Johnny opened his eyes again, his pulse lightened. He looked around.
There were only two other vehicles in the McDonalds’ parking lot, presumably belonging to a couple of the worker folk. Other than that, the only signs of civilization at the exit were an old HEIFERS filling station with a few pumps (but no customers) and a corroded Model T sitting off the side of the road about a hundred yards down. The historical remnant intrigued Johnny. He imagined an old carpenter, maybe even his own grandpappy, hauling lumber in the wagon. A simpler, better time. He romanticized that maybe now a sleuth (?) of little black bears were using the old vehicle as a home. Johnny needed to stretch his legs, so he got out of the hatchback and walked up behind the rusty rig to study it further.
However, with each step that drew him closer to the back bumper, the vehicle grew more ghoulish. There was a gaping hole in the cabin roof. Punched out were the side windows, and cinder blocks – rather than wheels – propped up the back axle. Chips in the black paint job made the vehicle look diseased with leprosy. Inside, somebody had draped a mangy blanket over the front row seat.
Johnny was upset the truck corrupted his romantic mood. He circled the wagon and stopped at the vehicle’s rear-end, outside the view of the McDonalds and filling station. He then unzipped and started to relieve himself on the old hunk of steel. In the midst of his urinary daze, Johnny suddenly saw a furtive head peep up and then go back down inside the cabin. Johnny ignored it thinking it was simply an illusion. He turned his head in the opposite direction and stared down the long stretch of pavement. A gust of wind shuddered the thick autumn leaves on the highway’s edge. Under the sun’s midday glaze, the scene bled together like watercolors on canvas.
Heyy. Pssst. A fink voice whispered.
Johnny then heard a small rustling inside the cabin. He turned his head back and saw the mangy blanket shift.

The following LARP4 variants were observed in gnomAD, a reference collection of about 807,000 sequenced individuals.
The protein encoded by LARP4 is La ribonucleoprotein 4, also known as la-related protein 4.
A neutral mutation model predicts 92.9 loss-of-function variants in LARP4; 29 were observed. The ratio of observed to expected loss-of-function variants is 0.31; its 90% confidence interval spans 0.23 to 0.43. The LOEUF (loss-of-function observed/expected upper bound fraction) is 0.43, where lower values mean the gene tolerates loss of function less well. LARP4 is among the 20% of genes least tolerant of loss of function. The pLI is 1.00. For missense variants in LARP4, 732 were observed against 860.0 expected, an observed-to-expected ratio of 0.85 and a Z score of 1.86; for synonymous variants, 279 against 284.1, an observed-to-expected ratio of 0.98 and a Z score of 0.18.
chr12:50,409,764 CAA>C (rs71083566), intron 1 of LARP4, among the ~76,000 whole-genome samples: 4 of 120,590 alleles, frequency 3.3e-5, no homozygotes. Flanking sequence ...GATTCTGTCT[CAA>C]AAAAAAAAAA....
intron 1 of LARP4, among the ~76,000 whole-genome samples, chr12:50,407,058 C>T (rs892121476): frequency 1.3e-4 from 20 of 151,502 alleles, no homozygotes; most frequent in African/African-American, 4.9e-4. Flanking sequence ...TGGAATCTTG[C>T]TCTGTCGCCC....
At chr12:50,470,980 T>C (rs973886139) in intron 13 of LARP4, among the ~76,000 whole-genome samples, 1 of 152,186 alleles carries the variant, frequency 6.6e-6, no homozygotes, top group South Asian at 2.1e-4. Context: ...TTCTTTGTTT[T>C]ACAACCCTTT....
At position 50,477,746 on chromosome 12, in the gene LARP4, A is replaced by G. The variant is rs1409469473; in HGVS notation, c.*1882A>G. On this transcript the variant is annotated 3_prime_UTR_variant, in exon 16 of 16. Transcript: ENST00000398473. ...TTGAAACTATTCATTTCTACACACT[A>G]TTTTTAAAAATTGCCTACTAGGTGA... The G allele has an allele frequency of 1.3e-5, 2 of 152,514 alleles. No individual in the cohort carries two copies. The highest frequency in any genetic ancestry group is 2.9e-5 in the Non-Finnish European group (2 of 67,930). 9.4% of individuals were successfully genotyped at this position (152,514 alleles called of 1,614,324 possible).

“Hell, come on now. Who’s the peeping pervert?”
Johnny staggered and pissed on his shoe.
Why do you do such things-s-s-s?
Johnny hopped back and zipped himself in a single defensive motion.
The voice was hypnotizing. Unreal even. Johnny knew not to answer, for what good could come from it? Still, he felt compelled.
“You mean Mini?”
Yeessss. The voice grew pleased, which encouraged Johnny.
“She’s a good woman,” he continued unsure initially but gaining momentum. “A little nuts, but I’m going to follow through.”
The voice said nothing.
“What would you know about it? A man has to make a decision at some point. Settle down. Even if the heart’s not all the way in it, he has to pretend. The heart will eventually follow.”
Listen to the big man. He pours out his soul.
Silence lingered. Johnny felt offended.
Why do you berate her?
Why did you not pull over the car? Why have no s-s-sympathy?
“Who the hell is this?”
She trusts-s-s you. Looks-s-s to you.
“What do you want?”
Your soul. The laugh was fiendish.
“I don’t think I can give that away.”
Maybe you already have.
“What are we really talking about here?”
From here on out, I want you to remember how weak and pathetic you actually are. I want you to know that I could’ve destroyed you.
But only through my mercy do you live. That makes you a slave. And for the rest of your life, you’ll always be that. Nothing more. An inferior being that only through mercy still walks the earth.
“You’re a piece of shit. You know that? Nobody’s taking my fucking soul.”